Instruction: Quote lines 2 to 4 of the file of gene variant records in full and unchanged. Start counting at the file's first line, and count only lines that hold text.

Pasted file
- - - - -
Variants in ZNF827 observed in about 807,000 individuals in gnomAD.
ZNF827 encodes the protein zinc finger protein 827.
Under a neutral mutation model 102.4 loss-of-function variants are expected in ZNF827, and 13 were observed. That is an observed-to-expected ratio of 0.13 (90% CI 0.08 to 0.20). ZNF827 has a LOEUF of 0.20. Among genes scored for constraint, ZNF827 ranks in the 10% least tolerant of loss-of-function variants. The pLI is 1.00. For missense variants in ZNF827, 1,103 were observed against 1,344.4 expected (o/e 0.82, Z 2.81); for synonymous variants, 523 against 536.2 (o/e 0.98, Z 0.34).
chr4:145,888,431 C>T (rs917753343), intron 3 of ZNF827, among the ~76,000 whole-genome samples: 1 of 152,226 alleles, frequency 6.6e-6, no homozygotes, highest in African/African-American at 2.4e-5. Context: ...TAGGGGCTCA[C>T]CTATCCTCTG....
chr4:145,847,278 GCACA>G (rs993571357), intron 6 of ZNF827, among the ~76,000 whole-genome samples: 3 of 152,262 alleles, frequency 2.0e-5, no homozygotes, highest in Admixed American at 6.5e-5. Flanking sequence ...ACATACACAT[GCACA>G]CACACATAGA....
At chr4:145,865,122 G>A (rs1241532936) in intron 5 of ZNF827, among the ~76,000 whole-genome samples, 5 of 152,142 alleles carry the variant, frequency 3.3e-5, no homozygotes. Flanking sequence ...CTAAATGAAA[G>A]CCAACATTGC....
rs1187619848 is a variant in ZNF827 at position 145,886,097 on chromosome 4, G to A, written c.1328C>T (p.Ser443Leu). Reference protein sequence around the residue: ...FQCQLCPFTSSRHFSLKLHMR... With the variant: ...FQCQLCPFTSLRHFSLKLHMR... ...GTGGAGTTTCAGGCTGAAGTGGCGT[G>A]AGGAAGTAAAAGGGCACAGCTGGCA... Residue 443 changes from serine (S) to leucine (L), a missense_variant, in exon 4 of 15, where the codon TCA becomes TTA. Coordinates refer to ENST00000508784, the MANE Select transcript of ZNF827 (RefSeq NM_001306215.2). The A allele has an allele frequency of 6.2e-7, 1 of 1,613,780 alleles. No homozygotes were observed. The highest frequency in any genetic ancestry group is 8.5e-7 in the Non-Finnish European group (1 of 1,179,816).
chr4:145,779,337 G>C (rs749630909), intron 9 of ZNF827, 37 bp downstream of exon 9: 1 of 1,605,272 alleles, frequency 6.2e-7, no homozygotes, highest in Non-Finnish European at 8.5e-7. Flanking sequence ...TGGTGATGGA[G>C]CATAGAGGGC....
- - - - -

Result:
ZNF827 encodes the protein zinc finger protein 827.
Under a neutral mutation model 102.4 loss-of-function variants are expected in ZNF827, and 13 were observed. That is an observed-to-expected ratio of 0.13 (90% CI 0.08 to 0.20). ZNF827 has a LOEUF of 0.20. Among genes scored for constraint, ZNF827 ranks in the 10% least tolerant of loss-of-function variants. The pLI is 1.00. For missense variants in ZNF827, 1,103 were observed against 1,344.4 expected (o/e 0.82, Z 2.81); for synonymous variants, 523 against 536.2 (o/e 0.98, Z 0.34).
chr4:145,888,431 C>T (rs917753343), intron 3 of ZNF827, among the ~76,000 whole-genome samples: 1 of 152,226 alleles, frequency 6.6e-6, no homozygotes, highest in African/African-American at 2.4e-5. Context: ...TAGGGGCTCA[C>T]CTATCCTCTG....